How ski warfare created biathlon

  • Loading...
  • Published on:  Thursday, March 1, 2018
  • It all started as a military exercise in Norway.

    We interviewed a sports expert about the truth behind "mind over matter":

    Subscribe to our channel!

    Biathlon combines competitive Nordic skiing with rifle shooting. Although biathlon is extremely popular in Europe, most Americans are unfamiliar with the sport. For many of them, the sport seems like an odd combination of physical effort and mental skill, but there’s a fascinating explanation for how biathlon came to be.

    The sport of biathlon evolved over a long period of time and for much of that history it was primarily a military exercise to train soldiers for winter warfare. It all started in Norway, where a military officer decided to combine his love of skiing with his expertise in training tactics. Soon, the combination spread across Europe and national militaries started applying and developing his techniques to train their own winter warfare battalions.

    In both World Wars, ski warfare played a key role in several battles—most notably during the “Winter War” between Finland and Russia in 1940. During that skirmish, Finnish troops used their ski prowess to elude and attack the Russian enemy. Although the Finns lost the battle, they were able to inflict major losses against the much larger foreign army.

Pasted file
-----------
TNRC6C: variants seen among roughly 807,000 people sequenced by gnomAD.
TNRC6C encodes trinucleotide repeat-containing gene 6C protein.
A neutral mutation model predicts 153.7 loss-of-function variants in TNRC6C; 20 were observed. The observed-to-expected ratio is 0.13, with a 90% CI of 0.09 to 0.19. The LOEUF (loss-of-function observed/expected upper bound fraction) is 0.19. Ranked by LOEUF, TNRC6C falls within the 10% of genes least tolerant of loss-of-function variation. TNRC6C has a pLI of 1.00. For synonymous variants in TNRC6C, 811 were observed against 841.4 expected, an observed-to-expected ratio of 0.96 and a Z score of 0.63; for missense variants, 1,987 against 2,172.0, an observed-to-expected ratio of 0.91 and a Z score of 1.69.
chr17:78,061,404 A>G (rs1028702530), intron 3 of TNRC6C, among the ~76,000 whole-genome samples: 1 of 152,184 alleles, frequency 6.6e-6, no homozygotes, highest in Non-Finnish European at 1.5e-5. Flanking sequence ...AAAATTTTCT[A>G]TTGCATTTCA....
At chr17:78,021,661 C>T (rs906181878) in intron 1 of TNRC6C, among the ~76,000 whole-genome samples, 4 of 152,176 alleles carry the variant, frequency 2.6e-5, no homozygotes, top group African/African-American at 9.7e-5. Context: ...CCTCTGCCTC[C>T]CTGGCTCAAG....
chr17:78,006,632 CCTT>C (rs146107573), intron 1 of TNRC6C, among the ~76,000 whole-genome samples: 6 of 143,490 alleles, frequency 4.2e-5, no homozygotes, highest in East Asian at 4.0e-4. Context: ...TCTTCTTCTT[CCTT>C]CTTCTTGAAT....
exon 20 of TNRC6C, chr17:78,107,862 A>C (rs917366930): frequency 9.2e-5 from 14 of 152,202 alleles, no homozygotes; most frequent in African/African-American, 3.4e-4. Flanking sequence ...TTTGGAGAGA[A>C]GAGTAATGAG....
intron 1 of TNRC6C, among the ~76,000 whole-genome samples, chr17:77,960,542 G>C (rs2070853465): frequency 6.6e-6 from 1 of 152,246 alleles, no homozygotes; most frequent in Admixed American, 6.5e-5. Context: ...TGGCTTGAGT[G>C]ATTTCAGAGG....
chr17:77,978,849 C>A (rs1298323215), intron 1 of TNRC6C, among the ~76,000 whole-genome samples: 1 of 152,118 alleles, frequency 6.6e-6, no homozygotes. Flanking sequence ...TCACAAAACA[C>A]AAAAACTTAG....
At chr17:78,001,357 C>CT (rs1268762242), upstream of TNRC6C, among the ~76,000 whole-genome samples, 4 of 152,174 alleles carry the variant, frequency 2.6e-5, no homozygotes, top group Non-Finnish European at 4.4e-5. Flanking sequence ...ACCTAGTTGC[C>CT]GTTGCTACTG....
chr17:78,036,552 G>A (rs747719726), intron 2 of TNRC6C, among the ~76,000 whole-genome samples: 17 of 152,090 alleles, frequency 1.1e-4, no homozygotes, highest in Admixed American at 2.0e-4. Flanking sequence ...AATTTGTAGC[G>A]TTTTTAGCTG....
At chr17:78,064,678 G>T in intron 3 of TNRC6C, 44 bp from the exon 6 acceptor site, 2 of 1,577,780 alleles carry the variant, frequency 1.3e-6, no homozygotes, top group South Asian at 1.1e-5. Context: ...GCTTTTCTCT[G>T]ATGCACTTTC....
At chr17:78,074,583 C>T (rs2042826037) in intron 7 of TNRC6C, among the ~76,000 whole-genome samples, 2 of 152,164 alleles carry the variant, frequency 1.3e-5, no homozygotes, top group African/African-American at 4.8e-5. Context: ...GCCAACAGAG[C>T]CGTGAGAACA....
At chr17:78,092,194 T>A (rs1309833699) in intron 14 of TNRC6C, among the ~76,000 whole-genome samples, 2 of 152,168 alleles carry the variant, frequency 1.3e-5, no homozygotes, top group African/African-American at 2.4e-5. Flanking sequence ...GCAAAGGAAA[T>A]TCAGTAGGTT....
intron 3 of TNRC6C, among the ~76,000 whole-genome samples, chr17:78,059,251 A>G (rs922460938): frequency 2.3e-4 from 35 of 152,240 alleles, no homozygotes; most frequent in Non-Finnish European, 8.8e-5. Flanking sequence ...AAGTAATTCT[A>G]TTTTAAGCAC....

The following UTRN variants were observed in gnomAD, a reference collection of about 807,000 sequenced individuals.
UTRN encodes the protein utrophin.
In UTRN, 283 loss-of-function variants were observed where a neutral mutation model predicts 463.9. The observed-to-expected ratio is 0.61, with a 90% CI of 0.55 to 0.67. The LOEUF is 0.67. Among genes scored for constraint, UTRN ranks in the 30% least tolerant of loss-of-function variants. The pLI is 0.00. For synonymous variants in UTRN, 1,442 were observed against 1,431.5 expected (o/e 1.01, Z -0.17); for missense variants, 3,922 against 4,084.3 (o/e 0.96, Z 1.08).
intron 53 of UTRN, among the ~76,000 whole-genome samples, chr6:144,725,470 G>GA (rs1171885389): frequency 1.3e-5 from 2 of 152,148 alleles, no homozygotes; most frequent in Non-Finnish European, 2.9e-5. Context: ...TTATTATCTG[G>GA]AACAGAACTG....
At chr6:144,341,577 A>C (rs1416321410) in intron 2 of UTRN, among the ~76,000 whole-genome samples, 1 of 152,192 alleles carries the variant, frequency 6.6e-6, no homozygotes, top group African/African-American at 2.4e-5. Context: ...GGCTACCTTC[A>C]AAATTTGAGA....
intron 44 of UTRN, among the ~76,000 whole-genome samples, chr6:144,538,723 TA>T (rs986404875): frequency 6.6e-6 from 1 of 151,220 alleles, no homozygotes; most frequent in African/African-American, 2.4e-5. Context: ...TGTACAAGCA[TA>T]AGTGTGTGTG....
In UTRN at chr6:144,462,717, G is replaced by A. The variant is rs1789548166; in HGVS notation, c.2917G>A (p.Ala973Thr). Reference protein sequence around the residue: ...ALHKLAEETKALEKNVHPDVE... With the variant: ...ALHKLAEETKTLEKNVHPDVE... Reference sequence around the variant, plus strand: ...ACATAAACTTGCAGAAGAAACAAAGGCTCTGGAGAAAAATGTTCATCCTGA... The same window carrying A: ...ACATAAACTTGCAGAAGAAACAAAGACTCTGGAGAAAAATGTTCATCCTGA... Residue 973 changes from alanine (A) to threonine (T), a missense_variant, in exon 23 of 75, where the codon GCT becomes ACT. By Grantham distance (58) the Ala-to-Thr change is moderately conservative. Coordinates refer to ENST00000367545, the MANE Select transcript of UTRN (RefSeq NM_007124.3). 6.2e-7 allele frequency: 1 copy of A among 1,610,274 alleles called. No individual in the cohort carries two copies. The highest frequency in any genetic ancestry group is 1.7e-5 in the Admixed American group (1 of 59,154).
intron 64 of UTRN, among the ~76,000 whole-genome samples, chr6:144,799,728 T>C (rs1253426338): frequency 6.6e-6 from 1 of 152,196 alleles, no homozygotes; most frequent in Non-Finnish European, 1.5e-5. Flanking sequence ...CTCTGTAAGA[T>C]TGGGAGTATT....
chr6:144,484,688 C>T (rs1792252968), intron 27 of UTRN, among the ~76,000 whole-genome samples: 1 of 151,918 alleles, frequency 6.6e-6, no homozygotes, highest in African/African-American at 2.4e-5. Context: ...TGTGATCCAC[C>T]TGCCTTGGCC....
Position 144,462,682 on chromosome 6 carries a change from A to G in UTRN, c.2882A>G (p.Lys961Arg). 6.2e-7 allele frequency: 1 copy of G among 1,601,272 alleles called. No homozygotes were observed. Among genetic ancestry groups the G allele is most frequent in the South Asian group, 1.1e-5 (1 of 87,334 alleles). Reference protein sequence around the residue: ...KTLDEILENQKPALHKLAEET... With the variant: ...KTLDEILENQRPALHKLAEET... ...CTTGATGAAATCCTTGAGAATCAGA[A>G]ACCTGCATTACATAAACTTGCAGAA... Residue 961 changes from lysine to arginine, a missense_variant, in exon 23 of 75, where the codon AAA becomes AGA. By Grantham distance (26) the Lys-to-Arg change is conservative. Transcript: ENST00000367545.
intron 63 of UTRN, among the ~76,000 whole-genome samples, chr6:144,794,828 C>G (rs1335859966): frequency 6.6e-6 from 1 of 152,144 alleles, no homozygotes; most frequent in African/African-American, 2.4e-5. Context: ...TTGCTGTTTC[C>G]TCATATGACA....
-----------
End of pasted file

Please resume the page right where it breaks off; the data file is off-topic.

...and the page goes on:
Once WWII ended, soldiers returned home and began popularizing the sport of skiing around the world. Instead of using their ski skills for warfare, they turned to recreational endeavors like ski racing, skill competitions, and biathlon. During the next decade, the ski industry boomed. In 1960, biathlon was introduced as an official Olympic sport and it has continued to grow in popularity ever since.

    Although much has changed about the sport, modern biathlon still retains the unmistakable traces of its military origins. To learn what those are, make sure to watch the video above.


    2013 story on European biathlon popularity: is a news website that helps you cut through the noise and understand what's really driving the events in the headlines. Check out

    Watch our full video catalog:
    Follow Vox on Facebook:
    Or Twitter:
  • Source: